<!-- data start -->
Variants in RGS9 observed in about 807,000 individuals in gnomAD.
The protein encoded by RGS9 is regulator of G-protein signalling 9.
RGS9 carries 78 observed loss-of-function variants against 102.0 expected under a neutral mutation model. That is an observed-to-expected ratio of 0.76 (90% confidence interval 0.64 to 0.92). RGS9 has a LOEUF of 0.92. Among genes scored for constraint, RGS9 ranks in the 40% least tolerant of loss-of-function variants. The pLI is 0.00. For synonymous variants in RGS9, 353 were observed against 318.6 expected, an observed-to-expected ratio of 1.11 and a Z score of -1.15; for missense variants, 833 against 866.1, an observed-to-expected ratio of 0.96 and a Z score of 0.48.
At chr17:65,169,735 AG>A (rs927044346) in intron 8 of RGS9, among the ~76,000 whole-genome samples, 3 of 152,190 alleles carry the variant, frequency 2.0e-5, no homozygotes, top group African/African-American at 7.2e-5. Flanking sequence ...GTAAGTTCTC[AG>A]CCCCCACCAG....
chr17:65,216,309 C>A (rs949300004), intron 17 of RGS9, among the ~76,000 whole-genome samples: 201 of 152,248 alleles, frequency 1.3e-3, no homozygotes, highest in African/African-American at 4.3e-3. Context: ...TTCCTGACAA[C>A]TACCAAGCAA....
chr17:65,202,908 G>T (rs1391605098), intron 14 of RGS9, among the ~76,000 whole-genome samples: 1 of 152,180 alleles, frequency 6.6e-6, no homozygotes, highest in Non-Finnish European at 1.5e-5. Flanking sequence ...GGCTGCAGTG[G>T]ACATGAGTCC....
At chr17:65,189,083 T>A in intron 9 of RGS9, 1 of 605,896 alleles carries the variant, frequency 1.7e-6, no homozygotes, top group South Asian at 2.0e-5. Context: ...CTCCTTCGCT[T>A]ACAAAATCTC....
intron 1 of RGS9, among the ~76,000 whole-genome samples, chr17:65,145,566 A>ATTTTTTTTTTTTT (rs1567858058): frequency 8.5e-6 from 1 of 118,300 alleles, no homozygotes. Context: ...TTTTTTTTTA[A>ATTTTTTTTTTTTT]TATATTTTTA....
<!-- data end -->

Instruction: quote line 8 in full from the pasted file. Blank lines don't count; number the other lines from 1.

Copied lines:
intron 1 of RGS9, among the ~76,000 whole-genome samples, chr17:65,145,566 A>ATTTTTTTTTTTTT (rs1567858058): frequency 8.5e-6 from 1 of 118,300 alleles, no homozygotes. Context: ...TTTTTTTTTA[A>ATTTTTTTTTTTTT]TATATTTTTA....